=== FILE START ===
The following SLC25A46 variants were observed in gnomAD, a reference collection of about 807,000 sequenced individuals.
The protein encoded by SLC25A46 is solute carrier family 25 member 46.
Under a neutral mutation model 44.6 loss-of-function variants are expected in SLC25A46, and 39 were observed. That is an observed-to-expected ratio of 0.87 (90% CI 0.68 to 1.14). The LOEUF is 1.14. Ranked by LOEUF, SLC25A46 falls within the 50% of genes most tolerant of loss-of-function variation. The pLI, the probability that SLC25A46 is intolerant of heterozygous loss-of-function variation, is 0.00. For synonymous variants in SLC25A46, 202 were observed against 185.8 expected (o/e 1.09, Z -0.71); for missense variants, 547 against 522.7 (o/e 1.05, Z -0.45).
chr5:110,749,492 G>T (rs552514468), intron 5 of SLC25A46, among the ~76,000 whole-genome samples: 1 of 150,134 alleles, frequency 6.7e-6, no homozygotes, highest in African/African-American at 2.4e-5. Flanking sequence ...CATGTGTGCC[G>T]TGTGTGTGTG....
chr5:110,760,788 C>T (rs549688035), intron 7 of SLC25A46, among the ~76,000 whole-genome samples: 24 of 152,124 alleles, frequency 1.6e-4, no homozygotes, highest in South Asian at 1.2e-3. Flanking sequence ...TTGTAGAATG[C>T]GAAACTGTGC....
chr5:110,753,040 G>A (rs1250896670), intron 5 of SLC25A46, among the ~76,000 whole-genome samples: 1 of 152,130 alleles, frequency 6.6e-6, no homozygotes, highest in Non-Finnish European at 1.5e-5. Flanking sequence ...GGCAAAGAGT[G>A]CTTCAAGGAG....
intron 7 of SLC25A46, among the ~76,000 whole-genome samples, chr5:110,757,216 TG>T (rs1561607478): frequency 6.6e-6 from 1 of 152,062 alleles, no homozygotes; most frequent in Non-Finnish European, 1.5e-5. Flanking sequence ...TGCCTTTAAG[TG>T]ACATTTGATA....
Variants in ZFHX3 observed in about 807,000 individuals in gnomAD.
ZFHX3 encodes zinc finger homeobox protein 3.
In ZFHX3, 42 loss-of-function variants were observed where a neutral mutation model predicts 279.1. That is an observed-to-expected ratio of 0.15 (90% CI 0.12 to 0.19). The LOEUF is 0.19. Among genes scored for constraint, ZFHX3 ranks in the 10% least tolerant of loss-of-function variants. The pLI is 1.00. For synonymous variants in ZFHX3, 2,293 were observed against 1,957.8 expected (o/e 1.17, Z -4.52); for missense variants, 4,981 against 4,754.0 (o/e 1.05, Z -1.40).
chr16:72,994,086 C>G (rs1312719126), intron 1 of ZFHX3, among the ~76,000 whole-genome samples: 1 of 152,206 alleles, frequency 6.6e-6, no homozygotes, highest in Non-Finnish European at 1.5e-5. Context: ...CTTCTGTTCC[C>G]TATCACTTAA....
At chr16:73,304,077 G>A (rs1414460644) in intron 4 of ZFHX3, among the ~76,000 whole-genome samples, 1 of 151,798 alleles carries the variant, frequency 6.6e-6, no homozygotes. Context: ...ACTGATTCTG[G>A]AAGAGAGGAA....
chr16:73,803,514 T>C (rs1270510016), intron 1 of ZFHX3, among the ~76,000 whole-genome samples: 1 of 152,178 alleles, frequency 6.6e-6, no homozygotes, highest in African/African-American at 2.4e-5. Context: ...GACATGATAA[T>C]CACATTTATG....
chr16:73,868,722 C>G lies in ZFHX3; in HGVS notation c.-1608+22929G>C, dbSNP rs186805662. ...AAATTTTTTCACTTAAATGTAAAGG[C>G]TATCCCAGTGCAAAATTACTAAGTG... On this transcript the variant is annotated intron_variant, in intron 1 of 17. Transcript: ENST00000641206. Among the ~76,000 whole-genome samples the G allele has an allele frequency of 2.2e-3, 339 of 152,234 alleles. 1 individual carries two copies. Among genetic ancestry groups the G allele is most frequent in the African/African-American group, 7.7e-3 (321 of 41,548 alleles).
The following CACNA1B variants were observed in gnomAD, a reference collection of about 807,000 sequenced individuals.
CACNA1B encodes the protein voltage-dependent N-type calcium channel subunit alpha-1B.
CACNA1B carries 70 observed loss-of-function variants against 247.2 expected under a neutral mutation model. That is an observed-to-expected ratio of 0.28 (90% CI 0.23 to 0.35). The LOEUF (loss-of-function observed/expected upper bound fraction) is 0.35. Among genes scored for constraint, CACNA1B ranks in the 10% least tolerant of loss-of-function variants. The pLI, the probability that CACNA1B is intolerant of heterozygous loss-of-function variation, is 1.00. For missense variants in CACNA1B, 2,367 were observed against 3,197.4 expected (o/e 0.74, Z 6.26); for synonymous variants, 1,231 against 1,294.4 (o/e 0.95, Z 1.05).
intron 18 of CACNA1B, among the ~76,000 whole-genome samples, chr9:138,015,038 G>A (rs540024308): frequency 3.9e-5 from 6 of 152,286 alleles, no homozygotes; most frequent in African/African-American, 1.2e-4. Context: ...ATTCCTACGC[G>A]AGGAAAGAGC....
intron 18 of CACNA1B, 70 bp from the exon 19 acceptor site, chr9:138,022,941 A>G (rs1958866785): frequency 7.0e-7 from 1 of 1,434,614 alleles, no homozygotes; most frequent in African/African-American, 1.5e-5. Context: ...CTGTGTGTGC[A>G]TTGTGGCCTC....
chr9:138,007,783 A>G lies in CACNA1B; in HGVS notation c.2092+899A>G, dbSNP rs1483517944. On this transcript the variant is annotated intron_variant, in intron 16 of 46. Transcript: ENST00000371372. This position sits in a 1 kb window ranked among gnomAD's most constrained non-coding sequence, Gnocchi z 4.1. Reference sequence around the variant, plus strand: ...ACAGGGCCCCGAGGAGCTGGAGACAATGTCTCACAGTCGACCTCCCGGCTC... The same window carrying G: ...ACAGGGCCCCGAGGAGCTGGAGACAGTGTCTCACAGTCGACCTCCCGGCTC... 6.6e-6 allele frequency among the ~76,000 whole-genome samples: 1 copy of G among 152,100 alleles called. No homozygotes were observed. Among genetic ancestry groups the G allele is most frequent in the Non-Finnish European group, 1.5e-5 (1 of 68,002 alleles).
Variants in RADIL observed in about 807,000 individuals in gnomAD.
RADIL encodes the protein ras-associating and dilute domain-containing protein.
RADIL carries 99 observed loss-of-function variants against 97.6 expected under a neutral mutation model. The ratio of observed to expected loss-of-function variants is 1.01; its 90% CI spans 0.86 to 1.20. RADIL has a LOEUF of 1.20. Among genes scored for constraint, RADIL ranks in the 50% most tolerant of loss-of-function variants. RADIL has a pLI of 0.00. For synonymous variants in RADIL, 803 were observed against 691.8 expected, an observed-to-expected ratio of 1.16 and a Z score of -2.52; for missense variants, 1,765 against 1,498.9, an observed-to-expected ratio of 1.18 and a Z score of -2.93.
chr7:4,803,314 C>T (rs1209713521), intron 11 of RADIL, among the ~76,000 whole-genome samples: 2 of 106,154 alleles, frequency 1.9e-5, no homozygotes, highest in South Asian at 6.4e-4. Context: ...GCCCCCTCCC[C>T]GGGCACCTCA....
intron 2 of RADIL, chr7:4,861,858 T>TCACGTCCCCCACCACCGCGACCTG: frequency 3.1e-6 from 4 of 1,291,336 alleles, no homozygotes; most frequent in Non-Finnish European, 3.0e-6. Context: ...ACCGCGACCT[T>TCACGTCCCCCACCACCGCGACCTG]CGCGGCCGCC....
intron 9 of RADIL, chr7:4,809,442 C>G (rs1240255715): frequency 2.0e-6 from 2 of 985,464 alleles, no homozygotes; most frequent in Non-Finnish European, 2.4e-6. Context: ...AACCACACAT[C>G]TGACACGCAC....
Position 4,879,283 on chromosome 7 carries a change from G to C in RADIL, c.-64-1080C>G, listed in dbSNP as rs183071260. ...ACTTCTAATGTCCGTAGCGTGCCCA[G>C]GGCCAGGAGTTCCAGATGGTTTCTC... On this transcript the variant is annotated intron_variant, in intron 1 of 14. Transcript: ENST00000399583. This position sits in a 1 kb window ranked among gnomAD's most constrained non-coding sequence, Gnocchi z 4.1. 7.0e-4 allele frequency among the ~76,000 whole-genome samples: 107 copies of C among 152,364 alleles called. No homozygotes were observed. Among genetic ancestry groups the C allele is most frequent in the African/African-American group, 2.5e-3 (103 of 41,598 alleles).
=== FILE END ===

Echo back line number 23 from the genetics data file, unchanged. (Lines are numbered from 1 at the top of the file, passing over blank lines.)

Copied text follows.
RADIL carries 99 observed loss-of-function variants against 97.6 expected under a neutral mutation model. The ratio of observed to expected loss-of-function variants is 1.01; its 90% CI spans 0.86 to 1.20. RADIL has a LOEUF of 1.20. Among genes scored for constraint, RADIL ranks in the 50% most tolerant of loss-of-function variants. RADIL has a pLI of 0.00. For synonymous variants in RADIL, 803 were observed against 691.8 expected, an observed-to-expected ratio of 1.16 and a Z score of -2.52; for missense variants, 1,765 against 1,498.9, an observed-to-expected ratio of 1.18 and a Z score of -2.93.